Likewise, whilst many counties with high unemployment and poverty rates are grouped in similar locations, there are also notable exceptions. For example, while there are some very high unemployment rates amongst counties on the West and Northeast coasts, this is not reflected to the same extent when comparing the poverty rate for these same areas. Equally, a significant cluster of counties in the Southeast corner of the US – near the Mexican border – exhibit high poverty rates, but comparatively low unemployment rates. This latter point could potentially be explained by underpaid, underemployed or even illegal migrant workers who have crossed the US-Mexico border to find work.

Whilst there could also be a raft of other factors that influence the geographic dispersion of these measures, its important to realize that the absence of an expected pattern or connection can also prove just as revealing as a strong link between two or more metrics. But, without the ability to map this information, how would you discover such patterns – or lack thereof – in the first place?

Poverty rate vs unemployment rate vs mean income vs average life expectancy by ethnicity per US county

You’ll also notice, using the tool tips when moussing over either of the two maps within the above dashboard, that we’ve included the majority ethnic group (as a percentage of the total population) for each county. So what happens when we filter this dashboard by the majority ethnic group for each county?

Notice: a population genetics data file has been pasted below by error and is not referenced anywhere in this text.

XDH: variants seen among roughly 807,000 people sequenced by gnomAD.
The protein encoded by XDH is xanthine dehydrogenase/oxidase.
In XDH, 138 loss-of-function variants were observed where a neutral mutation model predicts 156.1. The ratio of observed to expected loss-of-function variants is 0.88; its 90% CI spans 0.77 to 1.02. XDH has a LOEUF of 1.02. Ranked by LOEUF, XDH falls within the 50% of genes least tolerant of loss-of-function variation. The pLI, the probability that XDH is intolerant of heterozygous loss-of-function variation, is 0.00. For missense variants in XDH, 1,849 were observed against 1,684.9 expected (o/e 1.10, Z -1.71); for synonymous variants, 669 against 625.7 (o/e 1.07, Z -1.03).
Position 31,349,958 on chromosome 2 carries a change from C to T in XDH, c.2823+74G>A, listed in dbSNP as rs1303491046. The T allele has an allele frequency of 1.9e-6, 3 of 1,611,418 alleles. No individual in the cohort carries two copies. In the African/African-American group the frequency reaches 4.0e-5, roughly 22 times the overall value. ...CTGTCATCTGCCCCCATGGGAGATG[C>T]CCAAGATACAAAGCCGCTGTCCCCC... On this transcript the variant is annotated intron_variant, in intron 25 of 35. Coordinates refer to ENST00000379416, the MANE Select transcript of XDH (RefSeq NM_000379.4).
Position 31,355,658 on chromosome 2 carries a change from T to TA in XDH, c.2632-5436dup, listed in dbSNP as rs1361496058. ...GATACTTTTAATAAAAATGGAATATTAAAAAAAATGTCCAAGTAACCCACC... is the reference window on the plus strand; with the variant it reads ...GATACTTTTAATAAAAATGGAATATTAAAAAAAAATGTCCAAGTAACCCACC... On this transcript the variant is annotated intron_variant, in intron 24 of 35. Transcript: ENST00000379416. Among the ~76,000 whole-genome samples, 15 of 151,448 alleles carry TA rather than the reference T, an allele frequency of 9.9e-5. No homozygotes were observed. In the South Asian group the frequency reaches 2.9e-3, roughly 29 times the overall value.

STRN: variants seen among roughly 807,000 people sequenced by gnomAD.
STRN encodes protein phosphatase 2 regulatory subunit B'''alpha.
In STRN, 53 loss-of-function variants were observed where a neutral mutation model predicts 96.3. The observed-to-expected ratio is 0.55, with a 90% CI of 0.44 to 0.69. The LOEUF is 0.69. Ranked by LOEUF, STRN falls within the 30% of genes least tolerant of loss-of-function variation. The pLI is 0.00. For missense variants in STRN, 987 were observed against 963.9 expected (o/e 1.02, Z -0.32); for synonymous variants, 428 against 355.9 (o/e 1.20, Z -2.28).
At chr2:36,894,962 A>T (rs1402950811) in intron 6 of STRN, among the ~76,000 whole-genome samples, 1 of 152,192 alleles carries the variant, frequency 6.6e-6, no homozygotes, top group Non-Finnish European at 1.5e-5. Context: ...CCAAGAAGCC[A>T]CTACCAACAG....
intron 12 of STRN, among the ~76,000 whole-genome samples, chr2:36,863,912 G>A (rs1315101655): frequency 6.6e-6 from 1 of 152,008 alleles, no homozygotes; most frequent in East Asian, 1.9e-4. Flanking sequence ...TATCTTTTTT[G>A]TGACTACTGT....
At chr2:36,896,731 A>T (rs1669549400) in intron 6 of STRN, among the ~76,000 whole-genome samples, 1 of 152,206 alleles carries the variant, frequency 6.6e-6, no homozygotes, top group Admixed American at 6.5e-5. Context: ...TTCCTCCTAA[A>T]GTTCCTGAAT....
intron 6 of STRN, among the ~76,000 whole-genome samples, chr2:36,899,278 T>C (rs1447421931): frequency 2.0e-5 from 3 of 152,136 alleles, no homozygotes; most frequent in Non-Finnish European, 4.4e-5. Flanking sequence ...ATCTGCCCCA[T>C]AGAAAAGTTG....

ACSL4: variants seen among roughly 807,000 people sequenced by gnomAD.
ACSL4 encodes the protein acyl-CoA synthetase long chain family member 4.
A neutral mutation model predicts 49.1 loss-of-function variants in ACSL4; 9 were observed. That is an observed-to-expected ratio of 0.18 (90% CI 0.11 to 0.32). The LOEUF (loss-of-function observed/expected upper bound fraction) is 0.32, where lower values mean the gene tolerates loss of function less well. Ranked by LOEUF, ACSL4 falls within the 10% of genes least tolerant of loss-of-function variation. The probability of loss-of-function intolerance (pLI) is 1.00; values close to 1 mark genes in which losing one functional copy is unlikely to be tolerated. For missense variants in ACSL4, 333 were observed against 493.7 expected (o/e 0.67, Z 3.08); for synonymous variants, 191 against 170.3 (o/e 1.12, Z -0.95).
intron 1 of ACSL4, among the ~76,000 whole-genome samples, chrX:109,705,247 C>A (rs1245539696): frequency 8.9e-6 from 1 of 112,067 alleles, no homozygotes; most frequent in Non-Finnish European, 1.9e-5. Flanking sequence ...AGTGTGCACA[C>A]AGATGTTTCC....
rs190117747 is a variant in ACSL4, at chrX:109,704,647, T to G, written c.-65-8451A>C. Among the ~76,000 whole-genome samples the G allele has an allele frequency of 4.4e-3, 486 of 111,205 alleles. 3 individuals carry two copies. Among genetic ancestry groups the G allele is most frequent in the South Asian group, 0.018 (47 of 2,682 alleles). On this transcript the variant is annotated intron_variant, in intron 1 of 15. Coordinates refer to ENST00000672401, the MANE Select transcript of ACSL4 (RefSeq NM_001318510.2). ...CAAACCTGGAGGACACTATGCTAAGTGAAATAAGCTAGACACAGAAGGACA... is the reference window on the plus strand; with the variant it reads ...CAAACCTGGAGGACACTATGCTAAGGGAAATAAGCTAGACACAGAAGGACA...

Assessing US counties by ethnicity: Counties with a majority Hispanic population
When filtering our dashboard by counties that have a majority Hispanic population, a few patterns become immediately evident. Most of these counties are situated along the US-Mexico boarder. Additionally, the aforementioned disparity between the unemployment rate (relatively low) and poverty rate (relatively high) within many of these counties is again highlighted. This finding adds weight to our hypothesis that many of the people working in these counties are immigrants who are either underpaid, underemployed or even illegally employed. Additionally, if you’re an illegal immigrant, it’s highly unlikely that you’d report your state of unemployment to the government in an effort to receive welfare assistance.

Whilst reported poverty and unemployment rates only demonstrate a mild correlation at best, what does stand out is this: Only one county with a majority Hispanic population (San Benito, CA) has less than 10 percent of its residents living below the official poverty line.

The scatter plot on the left-hand-side of the dashboard demonstrates a straight-forward, and logically anticipated, relationship between the mean household income and poverty rates within these majority Hispanic counties.

Where to next?

Use the filters on this embedded dashboard to filter the reports by different ethnic groups, and send your insights and discoveries into pr@yellowfin.bi. We’d love to hear from you.

And, if you’d like to find out more about how demographic data and mapping can enhance the usefulness of your corporate data and data analysis, be sure to register for the launch of Yellowfin’s new BI platform, Yellowfin 7.1.